But there is something very strange about this debate [about the minimum wage]. All the agonizing about the suffering that the minimum wage causes to poor people seems to come from relatively wealthy people. The minimum wage is quite popular among poor people.
When will people start coming forward and self identifying as actually wanting to exercise their liberty to work for less than the minimum wage? Even the long term unemployed don't seem to do this. Quite an extraordinary amount of ink is spilled defending a freedom that so few really seem to want to exercise.
To this I have six answers:
1. Actually, the first time the U.S. Supreme Court overturned the minimum wage, it was, in part, because a female elevator operator came forward [her erstwhile employer did too] to complain that it was putting her out of work. See Adkins v. Children's Hospital. Here's the relevant section of the decision:
In the second case the appellee, a woman 21 years of age, was employed by the Congress Hall Hotel Company as an elevator operator, at a salary of $35 per month and two meals a day. She alleges that the work was light and healthful, the hours short, with surroundings clean and moral, and that she was anxious to continue it for the compensation she was receiving, and that she did not earn more. Her services were satisfactory to the Hotel Company, and it would have been glad to retain her, but was obliged to dispense with her services by reason of the order of the board and on account of the penalties prescribed by the act. The wages received by this appellee were the best she was able to obtain for any work she was capable of performing, and the enforcement of the order, she alleges, deprived her of such employment and wages. She further averred that she could not secure any other position at which she could make a living, with [261 U.S. 525, 543] as good physical and moral surroundings, and earn as good wages, and that she was desirous of continuing and would continue the employment, but for the order of the board.
2. I remember in about 1977, when President Carter was proposing an increase in the minimum wage, a front-page story in the Wall Street Journal about a social worker named Betty Jackson who had a message for those who wanted to raise it: "Drop dead." Why? She was having real trouble placing black teenagers in jobs. And before you dismiss the WSJ, remember that this is the news section, which had and has some of the most left-wing reporters of any major newspaper.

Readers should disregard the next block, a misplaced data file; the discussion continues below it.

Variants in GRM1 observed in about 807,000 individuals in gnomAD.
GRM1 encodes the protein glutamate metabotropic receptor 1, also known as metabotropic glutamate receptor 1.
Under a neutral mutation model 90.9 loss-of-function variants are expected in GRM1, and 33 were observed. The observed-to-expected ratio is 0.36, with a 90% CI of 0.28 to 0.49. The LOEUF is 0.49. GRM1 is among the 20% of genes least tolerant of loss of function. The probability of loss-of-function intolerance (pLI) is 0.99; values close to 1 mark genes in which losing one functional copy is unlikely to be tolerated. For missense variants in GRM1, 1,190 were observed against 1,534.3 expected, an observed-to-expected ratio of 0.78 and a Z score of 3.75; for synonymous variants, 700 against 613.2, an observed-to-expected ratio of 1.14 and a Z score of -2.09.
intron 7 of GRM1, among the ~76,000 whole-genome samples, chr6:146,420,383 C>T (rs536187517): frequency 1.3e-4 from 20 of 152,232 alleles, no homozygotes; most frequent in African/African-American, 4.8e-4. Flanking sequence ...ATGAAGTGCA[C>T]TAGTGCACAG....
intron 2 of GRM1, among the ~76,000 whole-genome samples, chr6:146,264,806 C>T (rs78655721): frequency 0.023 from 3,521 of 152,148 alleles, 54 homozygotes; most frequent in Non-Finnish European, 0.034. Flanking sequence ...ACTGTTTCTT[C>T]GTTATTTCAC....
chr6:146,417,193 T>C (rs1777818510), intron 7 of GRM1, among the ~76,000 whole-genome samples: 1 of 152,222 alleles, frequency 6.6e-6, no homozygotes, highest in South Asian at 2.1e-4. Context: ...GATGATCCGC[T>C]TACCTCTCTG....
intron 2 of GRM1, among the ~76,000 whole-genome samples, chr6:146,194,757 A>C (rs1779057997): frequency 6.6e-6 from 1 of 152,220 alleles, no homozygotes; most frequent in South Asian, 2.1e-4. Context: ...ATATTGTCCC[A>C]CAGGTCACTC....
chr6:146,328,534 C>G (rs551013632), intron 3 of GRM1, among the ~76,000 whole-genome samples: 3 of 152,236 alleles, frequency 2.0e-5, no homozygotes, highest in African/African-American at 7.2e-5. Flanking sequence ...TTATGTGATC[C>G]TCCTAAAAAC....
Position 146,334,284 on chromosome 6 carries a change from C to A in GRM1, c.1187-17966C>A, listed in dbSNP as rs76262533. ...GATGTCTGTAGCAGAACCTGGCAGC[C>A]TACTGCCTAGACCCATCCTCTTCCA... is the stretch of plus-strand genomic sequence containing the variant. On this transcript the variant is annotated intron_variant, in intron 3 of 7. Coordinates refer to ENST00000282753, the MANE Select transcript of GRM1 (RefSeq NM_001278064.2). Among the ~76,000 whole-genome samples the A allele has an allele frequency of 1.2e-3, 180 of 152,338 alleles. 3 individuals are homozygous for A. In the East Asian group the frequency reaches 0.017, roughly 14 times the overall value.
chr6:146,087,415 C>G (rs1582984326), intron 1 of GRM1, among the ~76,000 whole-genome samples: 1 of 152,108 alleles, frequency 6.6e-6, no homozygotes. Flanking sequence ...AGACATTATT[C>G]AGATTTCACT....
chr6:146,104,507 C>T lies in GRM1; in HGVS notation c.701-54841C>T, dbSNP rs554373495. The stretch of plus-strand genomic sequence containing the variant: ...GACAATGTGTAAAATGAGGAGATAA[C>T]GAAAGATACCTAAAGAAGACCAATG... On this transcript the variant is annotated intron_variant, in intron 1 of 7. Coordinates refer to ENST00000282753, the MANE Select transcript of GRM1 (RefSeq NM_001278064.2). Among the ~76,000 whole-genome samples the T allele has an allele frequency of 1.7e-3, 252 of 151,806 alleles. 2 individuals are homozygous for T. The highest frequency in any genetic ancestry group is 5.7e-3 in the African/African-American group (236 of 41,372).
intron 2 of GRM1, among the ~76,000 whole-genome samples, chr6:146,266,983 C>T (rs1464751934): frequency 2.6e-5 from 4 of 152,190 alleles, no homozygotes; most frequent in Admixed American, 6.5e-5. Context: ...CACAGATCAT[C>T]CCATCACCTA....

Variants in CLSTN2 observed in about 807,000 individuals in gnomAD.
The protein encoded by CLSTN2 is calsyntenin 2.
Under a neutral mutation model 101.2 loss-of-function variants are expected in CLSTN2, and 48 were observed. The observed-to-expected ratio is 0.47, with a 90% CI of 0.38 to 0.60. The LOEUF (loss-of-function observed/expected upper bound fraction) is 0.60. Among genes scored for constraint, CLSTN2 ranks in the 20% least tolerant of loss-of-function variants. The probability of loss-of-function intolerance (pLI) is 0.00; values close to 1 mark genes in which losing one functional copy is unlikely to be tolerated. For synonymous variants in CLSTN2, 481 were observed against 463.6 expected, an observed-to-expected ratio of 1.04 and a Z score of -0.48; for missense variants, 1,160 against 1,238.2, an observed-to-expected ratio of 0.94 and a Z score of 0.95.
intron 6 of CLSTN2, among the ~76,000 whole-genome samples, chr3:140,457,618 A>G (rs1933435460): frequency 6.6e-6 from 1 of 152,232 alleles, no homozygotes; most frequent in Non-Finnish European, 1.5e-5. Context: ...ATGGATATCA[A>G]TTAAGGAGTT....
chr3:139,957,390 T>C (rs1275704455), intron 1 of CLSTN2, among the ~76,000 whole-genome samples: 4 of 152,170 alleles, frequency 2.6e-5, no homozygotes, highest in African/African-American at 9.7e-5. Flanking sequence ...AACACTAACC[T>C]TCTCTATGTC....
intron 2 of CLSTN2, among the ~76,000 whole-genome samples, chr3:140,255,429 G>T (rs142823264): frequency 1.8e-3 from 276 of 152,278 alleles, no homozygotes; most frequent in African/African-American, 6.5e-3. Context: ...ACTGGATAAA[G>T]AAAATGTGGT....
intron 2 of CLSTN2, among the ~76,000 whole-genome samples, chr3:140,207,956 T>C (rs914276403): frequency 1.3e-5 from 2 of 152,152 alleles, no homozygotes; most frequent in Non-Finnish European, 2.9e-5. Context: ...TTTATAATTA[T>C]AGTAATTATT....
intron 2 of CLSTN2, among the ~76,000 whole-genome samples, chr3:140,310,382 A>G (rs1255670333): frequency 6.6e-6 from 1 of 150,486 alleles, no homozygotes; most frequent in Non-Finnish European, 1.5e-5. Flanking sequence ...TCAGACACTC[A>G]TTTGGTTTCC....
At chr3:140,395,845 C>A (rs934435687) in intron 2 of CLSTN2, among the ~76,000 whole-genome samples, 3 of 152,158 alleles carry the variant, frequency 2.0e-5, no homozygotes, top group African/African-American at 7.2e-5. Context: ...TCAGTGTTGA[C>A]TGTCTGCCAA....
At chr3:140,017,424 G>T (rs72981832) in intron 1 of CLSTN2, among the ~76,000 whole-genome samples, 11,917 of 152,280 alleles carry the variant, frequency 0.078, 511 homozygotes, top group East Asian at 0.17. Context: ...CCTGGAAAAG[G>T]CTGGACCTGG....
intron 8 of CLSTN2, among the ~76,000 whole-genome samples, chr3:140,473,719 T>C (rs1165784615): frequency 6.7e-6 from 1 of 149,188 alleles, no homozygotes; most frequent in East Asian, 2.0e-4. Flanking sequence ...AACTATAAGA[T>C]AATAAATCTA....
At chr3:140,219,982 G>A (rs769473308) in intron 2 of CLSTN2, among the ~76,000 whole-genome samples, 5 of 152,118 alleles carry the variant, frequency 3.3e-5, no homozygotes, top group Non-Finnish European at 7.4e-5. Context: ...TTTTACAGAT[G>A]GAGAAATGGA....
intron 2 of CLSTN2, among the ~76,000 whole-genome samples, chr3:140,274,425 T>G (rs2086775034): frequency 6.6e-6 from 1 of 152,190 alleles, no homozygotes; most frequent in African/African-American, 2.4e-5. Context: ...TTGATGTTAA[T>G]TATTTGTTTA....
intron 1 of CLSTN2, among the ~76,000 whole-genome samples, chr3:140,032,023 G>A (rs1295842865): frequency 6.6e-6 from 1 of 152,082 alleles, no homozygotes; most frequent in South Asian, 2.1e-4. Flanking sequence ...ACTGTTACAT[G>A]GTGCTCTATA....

3. I occasionally run into college students who would much rather be paid a wage below the minimum wage to take an internship. Right now, they can't, and would much rather earn, say, $5 an hour than the $0 per hour that many internships now pay.
4. It is often wealthy people who agitate for those who are less wealthy. There's a long honorable tradition of this.
5. It's quite conceivable that many people put out of work by the minimum wage would rather have jobs at a wage less than the minimum than at no wage at all. I would bet that few of them understand that the minimum wage is causing their problem. So, given the general economic ignorance of the public, the surprise would be for relatively uneducated teenagers to understand the harmful effects of minimum wage laws when even a large percent of wealthy people don't understand.
6. I don't think it's that strange that people not directly affected in a big way care a lot about people who are and that the people most affected don't agitate much. Hundreds of thousands of people are in prison for buying, selling, using, or producing drugs. Yet I know of few of them who explicitly advocate ending the laws that put them in prison. That has never stopped me from advocating ending those laws. Indeed, one reason I don't use illegal drugs, besides the fact that I don't want to get into trouble with the police, is that I think I will be more credible arguing against laws that I don't break. Co-blogger Bryan Caplan advocates allowing people to immigrate to this country. I don't know whether he thinks that there are many people in other countries advocating relaxing or ending U.S. immigration laws. That doesn't stop him--nor should it.